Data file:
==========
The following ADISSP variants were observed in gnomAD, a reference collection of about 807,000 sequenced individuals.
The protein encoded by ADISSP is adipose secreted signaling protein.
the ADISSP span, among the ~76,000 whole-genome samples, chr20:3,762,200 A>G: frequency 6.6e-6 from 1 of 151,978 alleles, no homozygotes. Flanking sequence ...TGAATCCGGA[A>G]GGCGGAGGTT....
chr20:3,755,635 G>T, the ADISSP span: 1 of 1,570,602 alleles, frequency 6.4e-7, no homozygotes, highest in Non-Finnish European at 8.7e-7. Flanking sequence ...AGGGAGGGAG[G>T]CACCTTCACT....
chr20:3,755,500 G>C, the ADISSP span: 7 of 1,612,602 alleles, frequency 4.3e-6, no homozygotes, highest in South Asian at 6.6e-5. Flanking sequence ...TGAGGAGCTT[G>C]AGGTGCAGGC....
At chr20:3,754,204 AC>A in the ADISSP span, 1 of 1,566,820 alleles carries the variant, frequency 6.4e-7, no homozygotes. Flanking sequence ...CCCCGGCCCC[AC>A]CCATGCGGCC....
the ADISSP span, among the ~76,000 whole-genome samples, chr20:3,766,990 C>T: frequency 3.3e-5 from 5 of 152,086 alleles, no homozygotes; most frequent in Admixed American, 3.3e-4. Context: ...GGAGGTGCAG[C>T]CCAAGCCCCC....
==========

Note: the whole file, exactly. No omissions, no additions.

The following ADISSP variants were observed in gnomAD, a reference collection of about 807,000 sequenced individuals.
The protein encoded by ADISSP is adipose secreted signaling protein.
the ADISSP span, among the ~76,000 whole-genome samples, chr20:3,762,200 A>G: frequency 6.6e-6 from 1 of 151,978 alleles, no homozygotes. Flanking sequence ...TGAATCCGGA[A>G]GGCGGAGGTT....
chr20:3,755,635 G>T, the ADISSP span: 1 of 1,570,602 alleles, frequency 6.4e-7, no homozygotes, highest in Non-Finnish European at 8.7e-7. Flanking sequence ...AGGGAGGGAG[G>T]CACCTTCACT....
chr20:3,755,500 G>C, the ADISSP span: 7 of 1,612,602 alleles, frequency 4.3e-6, no homozygotes, highest in South Asian at 6.6e-5. Flanking sequence ...TGAGGAGCTT[G>C]AGGTGCAGGC....
At chr20:3,754,204 AC>A in the ADISSP span, 1 of 1,566,820 alleles carries the variant, frequency 6.4e-7, no homozygotes. Flanking sequence ...CCCCGGCCCC[AC>A]CCATGCGGCC....
the ADISSP span, among the ~76,000 whole-genome samples, chr20:3,766,990 C>T: frequency 3.3e-5 from 5 of 152,086 alleles, no homozygotes; most frequent in Admixed American, 3.3e-4. Context: ...GGAGGTGCAG[C>T]CCAAGCCCCC....